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Fonts & Encodings by Yannis Haralambous

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A.4. The Unix World

A.4.1. The PSF Format of Linux

The acronym PSF stands for "PC Screen Font". This font format is peculiar to Linux and is used only for monospaced fonts meant for on-screen display. It was defined in 1989 by Peter Arvin for his DOS font editor, fontedit. Later adopted by Linus Torvalds for Linux, it was supplemented with Unicode tables in 1994 and, finally, was updated in version 2 of 1999.

Version 1 of the PSF format is of a childlike simplicity. It begins with a 4-byte heading, in which the first 2 bytes are fixed (0x3604), the third contains three flags (does the font contain 256 or 512 glyphs? does it have a Unicode table? does this table contain character sequences?[3-4]), and the fourth contains the height of the glyphs in pixels. Next come the bitmap images of all the glyphs, described in the following manner: the width being fixed at 8 pixels (one byte), each glyph is described row by row, and thus needs as many bytes as there are pixels in its height.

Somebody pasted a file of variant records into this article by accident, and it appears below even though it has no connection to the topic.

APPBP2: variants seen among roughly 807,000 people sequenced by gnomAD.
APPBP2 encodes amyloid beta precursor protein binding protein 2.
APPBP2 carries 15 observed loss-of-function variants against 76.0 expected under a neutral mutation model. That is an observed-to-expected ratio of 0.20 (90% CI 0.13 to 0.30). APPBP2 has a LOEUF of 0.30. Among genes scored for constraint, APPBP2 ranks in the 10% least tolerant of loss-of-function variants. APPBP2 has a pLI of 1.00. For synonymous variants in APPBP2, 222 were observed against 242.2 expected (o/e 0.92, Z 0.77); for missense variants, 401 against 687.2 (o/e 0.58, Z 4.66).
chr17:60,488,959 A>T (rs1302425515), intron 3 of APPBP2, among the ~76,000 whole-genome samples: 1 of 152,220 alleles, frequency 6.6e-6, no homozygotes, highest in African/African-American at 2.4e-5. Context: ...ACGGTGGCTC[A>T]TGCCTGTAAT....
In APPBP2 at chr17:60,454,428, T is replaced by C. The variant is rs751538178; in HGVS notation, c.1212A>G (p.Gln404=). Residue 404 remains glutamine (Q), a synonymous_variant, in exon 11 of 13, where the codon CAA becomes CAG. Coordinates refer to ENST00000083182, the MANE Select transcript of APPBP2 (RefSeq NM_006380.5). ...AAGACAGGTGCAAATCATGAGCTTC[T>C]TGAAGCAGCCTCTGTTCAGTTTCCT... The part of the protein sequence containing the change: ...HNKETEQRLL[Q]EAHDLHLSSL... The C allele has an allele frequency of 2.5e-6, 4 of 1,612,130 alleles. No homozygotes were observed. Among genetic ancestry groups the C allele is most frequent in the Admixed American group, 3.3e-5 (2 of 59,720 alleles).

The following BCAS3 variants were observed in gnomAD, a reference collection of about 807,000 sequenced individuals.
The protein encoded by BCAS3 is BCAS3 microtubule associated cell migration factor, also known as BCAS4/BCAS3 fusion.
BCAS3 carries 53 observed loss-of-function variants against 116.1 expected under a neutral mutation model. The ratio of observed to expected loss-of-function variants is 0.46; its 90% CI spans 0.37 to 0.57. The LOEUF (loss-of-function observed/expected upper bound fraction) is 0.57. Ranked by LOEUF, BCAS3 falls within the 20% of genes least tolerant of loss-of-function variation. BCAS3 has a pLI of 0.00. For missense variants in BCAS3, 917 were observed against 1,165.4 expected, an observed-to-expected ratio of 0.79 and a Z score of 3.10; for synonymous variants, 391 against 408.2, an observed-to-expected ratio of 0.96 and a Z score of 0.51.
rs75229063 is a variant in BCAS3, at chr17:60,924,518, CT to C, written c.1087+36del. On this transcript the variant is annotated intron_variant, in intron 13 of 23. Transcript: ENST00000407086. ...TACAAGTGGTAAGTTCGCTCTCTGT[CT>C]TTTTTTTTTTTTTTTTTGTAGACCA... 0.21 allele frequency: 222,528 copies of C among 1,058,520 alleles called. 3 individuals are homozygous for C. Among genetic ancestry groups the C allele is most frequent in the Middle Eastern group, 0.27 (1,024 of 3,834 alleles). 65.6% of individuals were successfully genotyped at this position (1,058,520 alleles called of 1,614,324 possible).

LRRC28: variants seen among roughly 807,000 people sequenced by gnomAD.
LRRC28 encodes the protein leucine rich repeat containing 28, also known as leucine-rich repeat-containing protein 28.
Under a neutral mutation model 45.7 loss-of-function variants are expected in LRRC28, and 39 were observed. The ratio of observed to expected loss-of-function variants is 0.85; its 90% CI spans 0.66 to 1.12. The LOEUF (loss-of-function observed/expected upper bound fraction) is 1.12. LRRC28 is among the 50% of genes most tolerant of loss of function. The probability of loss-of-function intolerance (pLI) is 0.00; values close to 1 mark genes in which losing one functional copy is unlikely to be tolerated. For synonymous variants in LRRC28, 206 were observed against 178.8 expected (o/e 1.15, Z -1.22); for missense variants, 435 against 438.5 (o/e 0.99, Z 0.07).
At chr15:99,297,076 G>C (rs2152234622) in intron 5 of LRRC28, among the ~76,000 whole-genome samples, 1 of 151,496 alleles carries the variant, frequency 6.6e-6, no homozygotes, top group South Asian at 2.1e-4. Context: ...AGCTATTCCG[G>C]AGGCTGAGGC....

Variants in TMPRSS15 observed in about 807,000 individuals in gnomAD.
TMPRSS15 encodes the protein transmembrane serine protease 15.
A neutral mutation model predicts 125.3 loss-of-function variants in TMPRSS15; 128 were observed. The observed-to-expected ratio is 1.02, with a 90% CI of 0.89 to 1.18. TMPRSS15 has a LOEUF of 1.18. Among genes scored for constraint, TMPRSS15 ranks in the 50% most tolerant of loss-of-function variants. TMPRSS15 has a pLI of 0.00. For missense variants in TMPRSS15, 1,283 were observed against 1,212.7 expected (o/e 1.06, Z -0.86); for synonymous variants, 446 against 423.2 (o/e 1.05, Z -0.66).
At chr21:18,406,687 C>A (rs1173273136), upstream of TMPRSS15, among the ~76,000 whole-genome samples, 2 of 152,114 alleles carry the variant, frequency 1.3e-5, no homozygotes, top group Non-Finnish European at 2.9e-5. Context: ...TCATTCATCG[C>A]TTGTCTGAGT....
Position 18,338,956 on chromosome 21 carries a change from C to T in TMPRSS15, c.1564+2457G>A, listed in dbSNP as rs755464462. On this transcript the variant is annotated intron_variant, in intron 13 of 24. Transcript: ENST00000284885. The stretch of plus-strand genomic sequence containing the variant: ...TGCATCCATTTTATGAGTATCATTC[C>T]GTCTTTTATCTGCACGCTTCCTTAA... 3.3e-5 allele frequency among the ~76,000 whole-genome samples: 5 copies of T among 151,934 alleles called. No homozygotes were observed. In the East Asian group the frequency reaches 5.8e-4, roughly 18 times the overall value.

[3-4] By Unicode character sequences, we mean a Unicode character followed by at least one combining character.

The heading in Version 2 of the PSF format is slightly longer (32 bytes, or even more), since this version considerably extends the preceding one: the number of glyphs is arbitrary (encoded as 4 bytes), and the height and width of the glyphs are configurable. Here is this heading (made up of eight 4-byte numbers):

  • A fixed value (0x72b54a86)

  • The version (0x00)

  • The size of the heading (to allow for ...

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